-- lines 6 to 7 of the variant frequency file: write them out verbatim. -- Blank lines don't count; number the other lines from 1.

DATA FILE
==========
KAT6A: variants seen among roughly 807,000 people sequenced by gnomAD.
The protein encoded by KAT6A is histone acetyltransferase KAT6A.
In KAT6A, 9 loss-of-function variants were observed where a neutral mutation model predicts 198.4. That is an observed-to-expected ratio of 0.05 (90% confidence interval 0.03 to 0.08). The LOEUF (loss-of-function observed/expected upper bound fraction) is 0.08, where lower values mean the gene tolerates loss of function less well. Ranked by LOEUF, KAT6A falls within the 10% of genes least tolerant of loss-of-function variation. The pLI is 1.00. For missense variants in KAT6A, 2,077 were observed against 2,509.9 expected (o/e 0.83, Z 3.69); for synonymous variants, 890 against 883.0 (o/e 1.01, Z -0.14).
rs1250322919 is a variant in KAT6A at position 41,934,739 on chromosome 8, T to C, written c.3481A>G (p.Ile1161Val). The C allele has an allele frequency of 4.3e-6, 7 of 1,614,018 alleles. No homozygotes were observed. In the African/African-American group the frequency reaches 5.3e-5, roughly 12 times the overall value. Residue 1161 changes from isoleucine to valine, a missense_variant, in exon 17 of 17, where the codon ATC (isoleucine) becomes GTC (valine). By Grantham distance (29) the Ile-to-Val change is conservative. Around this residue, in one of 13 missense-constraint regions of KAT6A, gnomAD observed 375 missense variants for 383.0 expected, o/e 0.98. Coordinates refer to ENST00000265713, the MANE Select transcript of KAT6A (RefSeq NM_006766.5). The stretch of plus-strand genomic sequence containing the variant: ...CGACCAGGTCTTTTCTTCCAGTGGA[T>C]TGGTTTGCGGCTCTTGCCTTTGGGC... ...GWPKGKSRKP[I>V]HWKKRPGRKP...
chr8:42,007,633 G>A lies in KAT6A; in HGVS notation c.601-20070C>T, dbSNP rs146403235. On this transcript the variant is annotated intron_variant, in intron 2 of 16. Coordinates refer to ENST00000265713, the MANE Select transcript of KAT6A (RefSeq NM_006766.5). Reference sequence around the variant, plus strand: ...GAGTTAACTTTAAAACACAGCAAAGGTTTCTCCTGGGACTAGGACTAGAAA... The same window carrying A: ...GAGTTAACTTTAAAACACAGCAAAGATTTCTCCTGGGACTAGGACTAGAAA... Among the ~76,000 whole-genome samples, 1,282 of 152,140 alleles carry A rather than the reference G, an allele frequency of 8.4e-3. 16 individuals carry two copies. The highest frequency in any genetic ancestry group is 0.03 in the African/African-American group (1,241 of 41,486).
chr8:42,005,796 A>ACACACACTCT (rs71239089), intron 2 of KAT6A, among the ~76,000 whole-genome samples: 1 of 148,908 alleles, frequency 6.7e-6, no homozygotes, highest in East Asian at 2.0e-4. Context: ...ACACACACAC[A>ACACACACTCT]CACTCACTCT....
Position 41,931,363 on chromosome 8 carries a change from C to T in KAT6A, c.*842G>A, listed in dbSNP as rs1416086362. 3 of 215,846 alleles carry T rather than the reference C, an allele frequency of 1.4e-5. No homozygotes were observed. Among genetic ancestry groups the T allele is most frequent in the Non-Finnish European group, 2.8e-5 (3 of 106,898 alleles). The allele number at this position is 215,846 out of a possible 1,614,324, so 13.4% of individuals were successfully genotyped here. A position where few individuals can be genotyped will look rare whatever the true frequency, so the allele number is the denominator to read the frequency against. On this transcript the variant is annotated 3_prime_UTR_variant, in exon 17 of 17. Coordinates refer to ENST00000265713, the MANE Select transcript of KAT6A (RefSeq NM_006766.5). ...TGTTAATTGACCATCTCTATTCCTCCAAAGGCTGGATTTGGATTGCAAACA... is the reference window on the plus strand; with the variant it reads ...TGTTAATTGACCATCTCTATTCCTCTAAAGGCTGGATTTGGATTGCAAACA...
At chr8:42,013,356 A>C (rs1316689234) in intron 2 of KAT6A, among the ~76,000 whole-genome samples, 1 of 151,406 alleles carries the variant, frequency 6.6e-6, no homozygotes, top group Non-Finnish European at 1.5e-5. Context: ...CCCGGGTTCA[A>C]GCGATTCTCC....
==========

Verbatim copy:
chr8:42,005,796 A>ACACACACTCT (rs71239089), intron 2 of KAT6A, among the ~76,000 whole-genome samples: 1 of 148,908 alleles, frequency 6.7e-6, no homozygotes, highest in East Asian at 2.0e-4. Context: ...ACACACACAC[A>ACACACACTCT]CACTCACTCT....
Position 41,931,363 on chromosome 8 carries a change from C to T in KAT6A, c.*842G>A, listed in dbSNP as rs1416086362. 3 of 215,846 alleles carry T rather than the reference C, an allele frequency of 1.4e-5. No homozygotes were observed. Among genetic ancestry groups the T allele is most frequent in the Non-Finnish European group, 2.8e-5 (3 of 106,898 alleles). The allele number at this position is 215,846 out of a possible 1,614,324, so 13.4% of individuals were successfully genotyped here. A position where few individuals can be genotyped will look rare whatever the true frequency, so the allele number is the denominator to read the frequency against. On this transcript the variant is annotated 3_prime_UTR_variant, in exon 17 of 17. Coordinates refer to ENST00000265713, the MANE Select transcript of KAT6A (RefSeq NM_006766.5). ...TGTTAATTGACCATCTCTATTCCTCCAAAGGCTGGATTTGGATTGCAAACA... is the reference window on the plus strand; with the variant it reads ...TGTTAATTGACCATCTCTATTCCTCTAAAGGCTGGATTTGGATTGCAAACA...